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Thread: SATA and SATA II

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    SATA and SATA II

    I have just bought 2 new SATA II Hard Drives. My motherboard (Asus A8N-E) came with two SATA cables; the motherboard is SATA II compatible but it only says SATA on the cables not SATA II. Are these SATA II cables or do I have to buy new SATA II cables?

    Kind Regards

    Stephen

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    Resident abit mourner BUFF's Avatar
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    just use what you've got.
    In reality there is next to no difference between SATA & SATA II drives (the much touted speed difference in reality is for the limit of the interface & the drives aren't able to get close to even 150 for continuous transfer due to the mechanics)

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    That sounds like a sensible answers. Thanks I'll do that and save myself some money.

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    I think the only really major differences between I and II are:

    Extra bandwidth - you're not likly to notice really.
    Hot-swapability - not likely to notice either unless you get special cages iirc.
    NCQ - you will notice this probably.

    Using a SATA I cable shouldn't make much differenceI'd of thought.

    Hard drives are the bottleneck, it is only really when you've *lots* on a bus when the bandwidth is needed. Think 10 drives on a SCSI bus, that needs the bandwidth, one or two drives in a desktop machine doesn't.

    Kelly

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    for some reason my WD2500KS hard disks running on a sata 1 mobo show up as removable disks. wonder if they are hot swappable

    still i never liked the idea of opening a live pc and messing around in it since i electrocuted myself on 1 doing that in college a few years ago.

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    Quote Originally Posted by cougarslam View Post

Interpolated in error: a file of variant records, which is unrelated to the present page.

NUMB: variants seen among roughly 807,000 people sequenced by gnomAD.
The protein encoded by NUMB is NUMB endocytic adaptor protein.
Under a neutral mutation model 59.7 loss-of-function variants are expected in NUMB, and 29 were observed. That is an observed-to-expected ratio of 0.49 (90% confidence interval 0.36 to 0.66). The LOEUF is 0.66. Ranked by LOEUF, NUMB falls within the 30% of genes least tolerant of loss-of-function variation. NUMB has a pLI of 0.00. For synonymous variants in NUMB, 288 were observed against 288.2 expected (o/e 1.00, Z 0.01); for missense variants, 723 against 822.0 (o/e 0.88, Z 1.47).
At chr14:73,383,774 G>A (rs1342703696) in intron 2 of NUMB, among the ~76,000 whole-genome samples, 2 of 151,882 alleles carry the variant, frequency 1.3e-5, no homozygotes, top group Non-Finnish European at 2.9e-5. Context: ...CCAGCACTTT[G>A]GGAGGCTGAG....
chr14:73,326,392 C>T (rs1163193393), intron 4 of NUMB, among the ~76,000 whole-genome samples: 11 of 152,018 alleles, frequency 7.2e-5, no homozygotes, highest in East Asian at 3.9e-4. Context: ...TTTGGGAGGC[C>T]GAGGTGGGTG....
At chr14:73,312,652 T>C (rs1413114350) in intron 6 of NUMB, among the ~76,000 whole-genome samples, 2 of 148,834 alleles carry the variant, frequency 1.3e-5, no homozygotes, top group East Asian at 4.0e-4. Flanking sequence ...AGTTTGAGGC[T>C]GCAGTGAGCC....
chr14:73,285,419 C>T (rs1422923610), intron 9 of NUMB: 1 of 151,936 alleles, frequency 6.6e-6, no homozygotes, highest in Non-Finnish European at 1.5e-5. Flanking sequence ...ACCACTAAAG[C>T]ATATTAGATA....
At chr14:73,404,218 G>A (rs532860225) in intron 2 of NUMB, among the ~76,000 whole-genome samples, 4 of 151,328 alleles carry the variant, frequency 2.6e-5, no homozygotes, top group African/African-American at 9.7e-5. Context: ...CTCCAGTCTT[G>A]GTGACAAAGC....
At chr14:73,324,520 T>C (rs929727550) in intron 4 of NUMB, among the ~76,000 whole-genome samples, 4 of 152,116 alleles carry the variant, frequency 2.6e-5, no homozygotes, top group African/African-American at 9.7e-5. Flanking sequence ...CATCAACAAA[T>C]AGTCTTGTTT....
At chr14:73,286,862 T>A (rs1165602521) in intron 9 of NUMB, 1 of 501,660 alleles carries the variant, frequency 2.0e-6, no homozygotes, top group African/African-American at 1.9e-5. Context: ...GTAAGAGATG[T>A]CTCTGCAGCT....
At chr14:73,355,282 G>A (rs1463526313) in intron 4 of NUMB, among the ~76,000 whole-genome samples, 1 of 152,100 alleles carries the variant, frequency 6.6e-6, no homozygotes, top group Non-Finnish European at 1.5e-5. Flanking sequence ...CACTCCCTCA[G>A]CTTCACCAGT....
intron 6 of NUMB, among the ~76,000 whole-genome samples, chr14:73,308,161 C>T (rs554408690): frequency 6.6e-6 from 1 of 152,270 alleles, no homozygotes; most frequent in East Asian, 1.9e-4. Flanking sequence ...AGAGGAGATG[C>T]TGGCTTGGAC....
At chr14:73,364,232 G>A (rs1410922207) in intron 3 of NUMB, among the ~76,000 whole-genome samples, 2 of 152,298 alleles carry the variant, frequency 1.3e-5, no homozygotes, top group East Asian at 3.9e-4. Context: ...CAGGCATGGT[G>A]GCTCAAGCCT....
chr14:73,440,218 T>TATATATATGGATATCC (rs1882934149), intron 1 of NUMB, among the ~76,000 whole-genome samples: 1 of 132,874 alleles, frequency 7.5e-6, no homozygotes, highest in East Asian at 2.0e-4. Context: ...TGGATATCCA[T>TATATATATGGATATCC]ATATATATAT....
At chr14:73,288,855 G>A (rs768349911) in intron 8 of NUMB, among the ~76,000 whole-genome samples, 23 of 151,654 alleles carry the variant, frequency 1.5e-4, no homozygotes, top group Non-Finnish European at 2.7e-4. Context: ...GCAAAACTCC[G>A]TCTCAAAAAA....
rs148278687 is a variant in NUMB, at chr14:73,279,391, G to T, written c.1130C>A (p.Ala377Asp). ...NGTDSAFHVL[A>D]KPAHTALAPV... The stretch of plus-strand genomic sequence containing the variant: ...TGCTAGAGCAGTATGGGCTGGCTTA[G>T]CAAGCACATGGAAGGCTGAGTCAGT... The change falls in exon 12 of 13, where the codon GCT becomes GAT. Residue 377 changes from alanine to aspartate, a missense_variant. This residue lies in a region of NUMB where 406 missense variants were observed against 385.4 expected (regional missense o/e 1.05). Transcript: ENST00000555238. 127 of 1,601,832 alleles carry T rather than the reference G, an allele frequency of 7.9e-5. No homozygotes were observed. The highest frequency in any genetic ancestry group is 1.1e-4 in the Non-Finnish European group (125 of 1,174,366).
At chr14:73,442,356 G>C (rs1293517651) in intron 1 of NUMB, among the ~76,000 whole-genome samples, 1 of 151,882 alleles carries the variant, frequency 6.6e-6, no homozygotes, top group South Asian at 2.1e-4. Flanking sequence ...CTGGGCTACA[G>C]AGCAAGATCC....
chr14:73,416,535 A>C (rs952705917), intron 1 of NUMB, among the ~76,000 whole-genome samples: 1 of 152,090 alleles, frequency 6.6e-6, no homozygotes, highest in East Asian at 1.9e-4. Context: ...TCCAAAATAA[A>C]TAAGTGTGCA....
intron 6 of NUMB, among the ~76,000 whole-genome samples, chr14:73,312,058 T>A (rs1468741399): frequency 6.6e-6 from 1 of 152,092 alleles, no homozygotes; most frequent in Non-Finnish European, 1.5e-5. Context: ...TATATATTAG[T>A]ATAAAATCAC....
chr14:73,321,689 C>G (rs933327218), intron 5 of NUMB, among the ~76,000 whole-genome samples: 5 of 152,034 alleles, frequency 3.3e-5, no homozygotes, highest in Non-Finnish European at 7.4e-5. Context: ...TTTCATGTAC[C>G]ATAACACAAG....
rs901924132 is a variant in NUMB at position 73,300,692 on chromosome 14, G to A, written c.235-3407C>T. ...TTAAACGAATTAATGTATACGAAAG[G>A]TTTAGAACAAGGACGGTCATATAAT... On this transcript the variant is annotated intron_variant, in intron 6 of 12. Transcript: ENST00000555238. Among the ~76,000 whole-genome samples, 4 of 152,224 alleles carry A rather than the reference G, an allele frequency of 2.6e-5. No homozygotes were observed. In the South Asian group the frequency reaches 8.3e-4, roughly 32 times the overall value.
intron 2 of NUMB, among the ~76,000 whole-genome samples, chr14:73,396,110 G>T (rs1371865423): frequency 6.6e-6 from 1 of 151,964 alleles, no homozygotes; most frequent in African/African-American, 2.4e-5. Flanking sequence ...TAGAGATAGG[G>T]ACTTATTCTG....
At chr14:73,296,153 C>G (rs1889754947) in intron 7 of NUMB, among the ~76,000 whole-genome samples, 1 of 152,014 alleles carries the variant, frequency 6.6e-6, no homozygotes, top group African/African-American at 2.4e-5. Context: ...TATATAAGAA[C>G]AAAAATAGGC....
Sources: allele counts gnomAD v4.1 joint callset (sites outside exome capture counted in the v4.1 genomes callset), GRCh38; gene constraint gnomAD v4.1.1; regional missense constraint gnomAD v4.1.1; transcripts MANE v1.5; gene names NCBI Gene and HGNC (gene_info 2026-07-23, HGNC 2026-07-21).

for some reason my WD2500KS hard disks running on a sata 1 mobo show up as removable disks. wonder if they are hot swappable

    still i never liked the idea of opening a live pc and messing around in it since i electrocuted myself on 1 doing that in college a few years ago.
    my samsung spinpoint shows up as removeable to, and i think it is due to the hot swap feature.

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    A lot of the newer SATA drives, particularly SATAII are hotswappable.

    I've also noticed that there are a lot of cables available for both.

    My intended motherboard, the Asus P5W HD Deluxe works with both SATA150 and 300.

    Do all motherboards do this? ...and the cables dont matter?

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    Senior Member SilentDeath's Avatar
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    Quote Originally Posted by kellyharding View Post
    Hot-swapability - not likely to notice either unless you get special cages iirc.

    This is a controller-side feature, not hdd. Some of the very first controllers support hot swapping (sillicon image 3112/3114 for example, which were on most nforce2 motherboards). Not sure if its part of the sata standard though.

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    The King of Vague Steve B's Avatar
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    Quote Originally Posted by SuicidaL View Post
    my samsung spinpoint shows up as removeable to, and i think it is due to the hot swap feature.